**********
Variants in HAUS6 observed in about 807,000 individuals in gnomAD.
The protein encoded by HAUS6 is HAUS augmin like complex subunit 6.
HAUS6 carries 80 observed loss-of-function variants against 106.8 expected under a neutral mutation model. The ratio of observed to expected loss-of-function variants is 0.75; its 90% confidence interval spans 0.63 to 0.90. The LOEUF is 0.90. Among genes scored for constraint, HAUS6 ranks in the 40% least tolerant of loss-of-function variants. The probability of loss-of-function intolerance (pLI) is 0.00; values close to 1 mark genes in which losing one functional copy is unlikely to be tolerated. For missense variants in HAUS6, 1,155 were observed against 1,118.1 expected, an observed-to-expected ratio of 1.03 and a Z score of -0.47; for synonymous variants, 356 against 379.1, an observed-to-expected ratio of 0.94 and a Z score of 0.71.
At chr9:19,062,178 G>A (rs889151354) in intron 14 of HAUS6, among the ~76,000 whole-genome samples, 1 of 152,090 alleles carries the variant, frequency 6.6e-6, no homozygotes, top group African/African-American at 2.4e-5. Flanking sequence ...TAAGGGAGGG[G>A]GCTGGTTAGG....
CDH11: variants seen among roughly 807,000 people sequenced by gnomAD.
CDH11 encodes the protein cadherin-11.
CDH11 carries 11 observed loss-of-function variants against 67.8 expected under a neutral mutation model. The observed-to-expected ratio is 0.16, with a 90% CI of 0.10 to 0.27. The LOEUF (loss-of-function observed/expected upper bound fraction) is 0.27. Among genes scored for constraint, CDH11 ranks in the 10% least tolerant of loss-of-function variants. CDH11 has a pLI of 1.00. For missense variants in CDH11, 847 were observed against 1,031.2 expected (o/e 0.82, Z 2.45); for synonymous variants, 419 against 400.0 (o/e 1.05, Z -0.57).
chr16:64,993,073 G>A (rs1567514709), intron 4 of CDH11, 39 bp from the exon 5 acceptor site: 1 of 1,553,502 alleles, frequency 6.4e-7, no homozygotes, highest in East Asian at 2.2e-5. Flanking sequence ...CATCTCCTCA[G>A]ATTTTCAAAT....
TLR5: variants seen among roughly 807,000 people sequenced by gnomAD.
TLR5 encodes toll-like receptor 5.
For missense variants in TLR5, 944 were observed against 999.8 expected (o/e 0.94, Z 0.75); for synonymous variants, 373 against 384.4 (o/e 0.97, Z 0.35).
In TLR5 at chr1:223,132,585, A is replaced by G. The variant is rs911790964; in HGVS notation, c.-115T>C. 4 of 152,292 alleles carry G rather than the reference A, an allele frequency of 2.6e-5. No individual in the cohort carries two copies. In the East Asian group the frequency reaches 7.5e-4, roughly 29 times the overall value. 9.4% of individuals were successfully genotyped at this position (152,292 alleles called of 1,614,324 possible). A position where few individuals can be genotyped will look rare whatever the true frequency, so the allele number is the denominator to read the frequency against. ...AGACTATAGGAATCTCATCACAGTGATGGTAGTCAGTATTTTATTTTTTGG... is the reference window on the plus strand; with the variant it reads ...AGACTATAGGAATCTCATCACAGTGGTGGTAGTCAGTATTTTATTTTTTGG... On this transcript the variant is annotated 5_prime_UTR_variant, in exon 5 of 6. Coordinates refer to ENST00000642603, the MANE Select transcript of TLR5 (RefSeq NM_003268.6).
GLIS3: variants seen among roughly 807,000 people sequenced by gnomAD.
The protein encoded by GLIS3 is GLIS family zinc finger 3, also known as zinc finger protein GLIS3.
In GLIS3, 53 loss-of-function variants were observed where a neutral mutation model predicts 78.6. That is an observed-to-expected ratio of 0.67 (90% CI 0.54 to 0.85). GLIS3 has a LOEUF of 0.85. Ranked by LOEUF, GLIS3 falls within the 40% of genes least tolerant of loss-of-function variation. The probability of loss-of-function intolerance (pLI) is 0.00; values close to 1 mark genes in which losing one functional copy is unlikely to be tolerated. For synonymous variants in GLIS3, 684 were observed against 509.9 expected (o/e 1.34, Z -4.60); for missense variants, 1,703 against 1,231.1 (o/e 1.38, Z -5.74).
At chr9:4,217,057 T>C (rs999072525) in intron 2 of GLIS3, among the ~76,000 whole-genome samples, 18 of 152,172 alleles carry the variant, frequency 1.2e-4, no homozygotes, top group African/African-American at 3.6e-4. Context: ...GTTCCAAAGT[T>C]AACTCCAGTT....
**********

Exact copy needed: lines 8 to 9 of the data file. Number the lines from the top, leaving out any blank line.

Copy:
chr16:64,993,073 G>A (rs1567514709), intron 4 of CDH11, 39 bp from the exon 5 acceptor site: 1 of 1,553,502 alleles, frequency 6.4e-7, no homozygotes, highest in East Asian at 2.2e-5. Flanking sequence ...CATCTCCTCA[G>A]ATTTTCAAAT....
TLR5: variants seen among roughly 807,000 people sequenced by gnomAD.